Course XI. Sanitary Engineering (now Urban Studies and Planning) included the following statement: “Let it be distinctly understood that we are not learning to be plumbers; consequently all offers of work which our fellow-students have kindly promised us upon our graduation, are refused. As a Course, we cry out against that insulting term which has been applied to us. ‘The Sewer Department,’ forsooth! Every day, and from all over the world, we receive offers of lucrative positions; but we refuse them all, for we wish to show the Faculty that a graduate from Course XI. is not an impossibility.”  The Sanitary Engineers instead preferred the slogan “Yours for health.”—Course XI.
The “formation” of Course XII. Geology (now Earth, Atmospheric, and Planetary Sciences) was described in the yearbooks in the following way:

“This Course is the youngest of the family which has been brought into being by the aggregation of sages which controls our existence at Tech. For this reason they regard it with more or less favor, as is shown by the fact that each one of the Junior members is allowed an instructor in Surveying, while the Civils have to idvide one instructor among twenty students.

You have never heard of the Geological Course? Then it will be necessary for us to describe its formation.

It is a sort of conglomerate containing large and hard pebbles of chemistry, biology, surveying, and paleontology, together with smaller ones of German and zoölogy, scattered rather thickly through a bed of tough geology, giving a hard and apparently durable Course, for as yet no signs of weathering have been discovered.”

But what did Technology students do outside of learning? 
In the late 1800s, they still believed MIT would be famous for its Athletics.


There was also the wonderful Beard Club (a precursor to the hair-dyeing of today?). Incidentally, the student with the Ultra Violet beard, J. C. Blumé, was an international student from Lima, Peru. Also, note that all the images from the yearbooks were hand-drawn and submitted by the students themselves.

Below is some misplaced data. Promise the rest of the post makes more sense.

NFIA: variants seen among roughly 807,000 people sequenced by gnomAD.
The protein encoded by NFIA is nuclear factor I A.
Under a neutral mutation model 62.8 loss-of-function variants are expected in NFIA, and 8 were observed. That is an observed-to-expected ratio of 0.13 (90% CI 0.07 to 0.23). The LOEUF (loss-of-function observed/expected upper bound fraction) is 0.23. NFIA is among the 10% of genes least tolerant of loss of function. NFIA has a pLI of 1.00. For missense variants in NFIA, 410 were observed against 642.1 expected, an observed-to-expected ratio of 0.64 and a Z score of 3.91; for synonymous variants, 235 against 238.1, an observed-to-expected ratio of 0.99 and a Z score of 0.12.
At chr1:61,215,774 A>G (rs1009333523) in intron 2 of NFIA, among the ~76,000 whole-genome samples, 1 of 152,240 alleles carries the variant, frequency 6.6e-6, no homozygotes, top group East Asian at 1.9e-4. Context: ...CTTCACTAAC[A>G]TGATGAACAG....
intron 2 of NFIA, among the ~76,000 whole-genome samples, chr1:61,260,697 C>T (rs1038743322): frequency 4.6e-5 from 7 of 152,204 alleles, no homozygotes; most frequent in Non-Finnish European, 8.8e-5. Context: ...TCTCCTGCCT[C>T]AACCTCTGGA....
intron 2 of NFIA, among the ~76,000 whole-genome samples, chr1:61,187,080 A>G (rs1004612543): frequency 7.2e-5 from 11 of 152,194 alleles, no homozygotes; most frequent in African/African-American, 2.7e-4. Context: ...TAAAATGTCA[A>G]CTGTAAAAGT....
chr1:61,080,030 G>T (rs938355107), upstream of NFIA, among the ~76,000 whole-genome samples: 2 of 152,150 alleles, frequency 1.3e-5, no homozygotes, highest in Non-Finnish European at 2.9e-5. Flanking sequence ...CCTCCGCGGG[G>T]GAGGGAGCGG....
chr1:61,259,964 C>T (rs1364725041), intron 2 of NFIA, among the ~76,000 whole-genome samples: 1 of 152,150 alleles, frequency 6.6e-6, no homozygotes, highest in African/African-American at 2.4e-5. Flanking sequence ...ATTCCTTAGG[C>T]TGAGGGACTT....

“Extract from the Constitution [of the Beard Club]:

Article II.— Object: The object of this Club shall be to promote, by all legitimate means, the growth of natural hair upon the face.

Article III.— Officers: The President of the Club shall be he who produces the daintiest result in the line of the Club’s effot. The Vice-President shall be he who produces the scrubbiest result. There shall be an Official Trimmer.

Official measurements taken October 1st of each year.”

Unfortunately, not everyone could make it into Beard Club:


Technology students also held annual Class Dinners, with their growth captured in the images below:

SABCDDinnerFreshman-opt.jpg SABCDDinnerSophomore-opt.jpgSABCDDinnerJunior-opt.jpg SABCDDinnerSenior-opt.jpg

But actually, the students (at least in the class of 1893) looked like this:


Finally, some cultural notes, or, as they called them in the yearbooks, Grinds:


Still all student drawn.

Textbooks were expensive, and so was tuition.

Faculty and math were beloved.

IHTFP was perfectly explained in this beautiful “Retrospection”:

And the students’ predictions and hopes for MIT in 2000 A.D. were expressed in a poem (excerpts relevant to students in 2016 A.D.):

Lastly, here is an 1895 advertisement for MIT from the Secretary, outlining the admissions process. Good luck!